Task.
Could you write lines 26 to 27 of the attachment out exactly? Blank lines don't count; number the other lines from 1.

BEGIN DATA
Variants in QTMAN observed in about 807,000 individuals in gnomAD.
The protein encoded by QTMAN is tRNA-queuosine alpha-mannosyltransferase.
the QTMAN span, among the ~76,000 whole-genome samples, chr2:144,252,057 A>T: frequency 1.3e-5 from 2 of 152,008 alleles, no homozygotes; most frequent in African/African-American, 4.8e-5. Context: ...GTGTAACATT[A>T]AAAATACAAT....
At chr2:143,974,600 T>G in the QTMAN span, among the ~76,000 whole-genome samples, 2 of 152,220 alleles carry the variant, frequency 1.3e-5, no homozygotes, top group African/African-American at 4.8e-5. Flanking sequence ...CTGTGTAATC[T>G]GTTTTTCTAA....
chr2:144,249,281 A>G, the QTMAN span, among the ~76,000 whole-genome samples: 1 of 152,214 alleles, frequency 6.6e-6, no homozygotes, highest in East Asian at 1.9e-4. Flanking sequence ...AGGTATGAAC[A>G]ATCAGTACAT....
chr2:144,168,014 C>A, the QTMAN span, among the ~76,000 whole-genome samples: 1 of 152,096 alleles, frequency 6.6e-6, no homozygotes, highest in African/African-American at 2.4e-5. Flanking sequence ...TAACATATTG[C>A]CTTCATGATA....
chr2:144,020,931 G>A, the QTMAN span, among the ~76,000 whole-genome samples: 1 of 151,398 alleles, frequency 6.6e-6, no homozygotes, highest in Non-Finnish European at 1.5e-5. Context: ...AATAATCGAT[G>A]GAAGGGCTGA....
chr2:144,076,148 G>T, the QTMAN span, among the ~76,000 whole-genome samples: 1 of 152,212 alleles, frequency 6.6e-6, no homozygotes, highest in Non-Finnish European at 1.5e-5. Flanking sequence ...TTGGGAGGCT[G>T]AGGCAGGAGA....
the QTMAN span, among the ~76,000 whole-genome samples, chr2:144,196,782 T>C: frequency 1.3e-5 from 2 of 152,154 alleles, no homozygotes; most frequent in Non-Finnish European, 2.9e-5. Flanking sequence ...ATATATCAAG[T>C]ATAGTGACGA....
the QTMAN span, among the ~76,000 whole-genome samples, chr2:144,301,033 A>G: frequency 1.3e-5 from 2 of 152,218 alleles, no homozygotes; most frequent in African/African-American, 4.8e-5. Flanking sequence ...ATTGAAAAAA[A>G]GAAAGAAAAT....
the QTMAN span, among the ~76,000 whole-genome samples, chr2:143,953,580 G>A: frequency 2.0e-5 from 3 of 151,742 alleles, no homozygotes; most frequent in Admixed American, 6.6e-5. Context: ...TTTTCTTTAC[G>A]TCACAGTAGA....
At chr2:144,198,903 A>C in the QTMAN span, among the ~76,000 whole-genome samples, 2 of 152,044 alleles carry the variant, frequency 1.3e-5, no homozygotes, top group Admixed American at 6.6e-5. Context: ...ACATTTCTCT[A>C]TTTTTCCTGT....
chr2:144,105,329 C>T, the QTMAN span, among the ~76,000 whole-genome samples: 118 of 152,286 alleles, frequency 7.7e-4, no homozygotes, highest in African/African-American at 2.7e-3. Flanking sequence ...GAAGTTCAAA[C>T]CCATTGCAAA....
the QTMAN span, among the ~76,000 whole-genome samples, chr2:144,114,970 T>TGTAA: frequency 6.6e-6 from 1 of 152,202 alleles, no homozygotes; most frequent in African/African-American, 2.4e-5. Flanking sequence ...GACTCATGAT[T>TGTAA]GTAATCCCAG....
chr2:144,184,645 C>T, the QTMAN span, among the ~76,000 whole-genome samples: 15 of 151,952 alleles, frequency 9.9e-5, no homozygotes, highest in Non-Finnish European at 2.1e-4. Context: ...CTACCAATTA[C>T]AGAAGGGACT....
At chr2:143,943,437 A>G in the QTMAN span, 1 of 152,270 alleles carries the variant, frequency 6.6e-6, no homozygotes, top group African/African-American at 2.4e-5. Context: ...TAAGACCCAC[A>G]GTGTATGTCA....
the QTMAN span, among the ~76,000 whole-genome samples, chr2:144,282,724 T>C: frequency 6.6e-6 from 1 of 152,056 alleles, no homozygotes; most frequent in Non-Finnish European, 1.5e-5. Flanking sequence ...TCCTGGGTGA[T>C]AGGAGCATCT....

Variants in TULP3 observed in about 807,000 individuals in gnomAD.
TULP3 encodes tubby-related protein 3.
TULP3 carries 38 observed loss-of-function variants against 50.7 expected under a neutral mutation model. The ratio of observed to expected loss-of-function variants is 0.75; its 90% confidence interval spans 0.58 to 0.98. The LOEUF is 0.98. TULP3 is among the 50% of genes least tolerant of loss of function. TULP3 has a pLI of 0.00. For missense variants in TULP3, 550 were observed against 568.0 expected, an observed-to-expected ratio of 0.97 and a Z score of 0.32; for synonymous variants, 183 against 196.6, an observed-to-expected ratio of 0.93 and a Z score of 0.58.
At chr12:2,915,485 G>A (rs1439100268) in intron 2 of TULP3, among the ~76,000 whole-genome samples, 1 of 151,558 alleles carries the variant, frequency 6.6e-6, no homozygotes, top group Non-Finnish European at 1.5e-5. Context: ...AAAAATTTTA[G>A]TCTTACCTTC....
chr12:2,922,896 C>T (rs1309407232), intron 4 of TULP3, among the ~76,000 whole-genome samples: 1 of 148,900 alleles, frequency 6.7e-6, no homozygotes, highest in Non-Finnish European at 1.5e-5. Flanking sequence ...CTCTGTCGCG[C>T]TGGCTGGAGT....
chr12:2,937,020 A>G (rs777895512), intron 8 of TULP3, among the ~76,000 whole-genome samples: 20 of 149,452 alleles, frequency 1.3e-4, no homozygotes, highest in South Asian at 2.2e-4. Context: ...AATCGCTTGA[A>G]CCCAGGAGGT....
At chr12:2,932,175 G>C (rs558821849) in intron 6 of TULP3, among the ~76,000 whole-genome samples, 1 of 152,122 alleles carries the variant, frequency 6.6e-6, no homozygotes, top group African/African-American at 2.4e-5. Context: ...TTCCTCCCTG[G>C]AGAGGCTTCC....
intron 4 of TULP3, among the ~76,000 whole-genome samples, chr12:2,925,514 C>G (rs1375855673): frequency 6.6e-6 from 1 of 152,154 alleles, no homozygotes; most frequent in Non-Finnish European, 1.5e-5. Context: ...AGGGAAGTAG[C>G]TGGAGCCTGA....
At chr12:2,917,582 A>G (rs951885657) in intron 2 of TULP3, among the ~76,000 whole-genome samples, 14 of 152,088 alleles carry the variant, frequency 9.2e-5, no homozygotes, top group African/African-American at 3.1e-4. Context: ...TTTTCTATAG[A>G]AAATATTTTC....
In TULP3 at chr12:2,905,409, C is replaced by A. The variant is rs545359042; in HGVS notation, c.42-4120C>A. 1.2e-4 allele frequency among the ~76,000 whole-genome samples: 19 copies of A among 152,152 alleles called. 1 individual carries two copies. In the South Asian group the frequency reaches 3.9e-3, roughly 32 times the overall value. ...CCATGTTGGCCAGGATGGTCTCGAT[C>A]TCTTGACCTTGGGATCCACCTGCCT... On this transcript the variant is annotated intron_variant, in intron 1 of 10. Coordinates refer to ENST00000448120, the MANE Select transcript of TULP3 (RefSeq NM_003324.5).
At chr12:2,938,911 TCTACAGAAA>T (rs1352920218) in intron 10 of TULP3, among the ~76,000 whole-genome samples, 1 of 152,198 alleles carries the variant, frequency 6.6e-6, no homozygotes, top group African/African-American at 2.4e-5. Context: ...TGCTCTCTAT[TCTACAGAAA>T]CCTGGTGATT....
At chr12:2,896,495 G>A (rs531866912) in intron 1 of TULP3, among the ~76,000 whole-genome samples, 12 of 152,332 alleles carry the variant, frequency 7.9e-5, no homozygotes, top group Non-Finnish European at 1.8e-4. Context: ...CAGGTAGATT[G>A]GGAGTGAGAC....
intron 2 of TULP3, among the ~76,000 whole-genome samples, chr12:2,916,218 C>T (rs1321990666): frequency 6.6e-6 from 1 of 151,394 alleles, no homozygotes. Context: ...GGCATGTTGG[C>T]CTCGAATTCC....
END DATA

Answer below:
At chr12:2,917,582 A>G (rs951885657) in intron 2 of TULP3, among the ~76,000 whole-genome samples, 14 of 152,088 alleles carry the variant, frequency 9.2e-5, no homozygotes, top group African/African-American at 3.1e-4. Context: ...TTTTCTATAG[A>G]AAATATTTTC....
In TULP3 at chr12:2,905,409, C is replaced by A. The variant is rs545359042; in HGVS notation, c.42-4120C>A. 1.2e-4 allele frequency among the ~76,000 whole-genome samples: 19 copies of A among 152,152 alleles called. 1 individual carries two copies. In the South Asian group the frequency reaches 3.9e-3, roughly 32 times the overall value. ...CCATGTTGGCCAGGATGGTCTCGAT[C>A]TCTTGACCTTGGGATCCACCTGCCT... On this transcript the variant is annotated intron_variant, in intron 1 of 10. Coordinates refer to ENST00000448120, the MANE Select transcript of TULP3 (RefSeq NM_003324.5).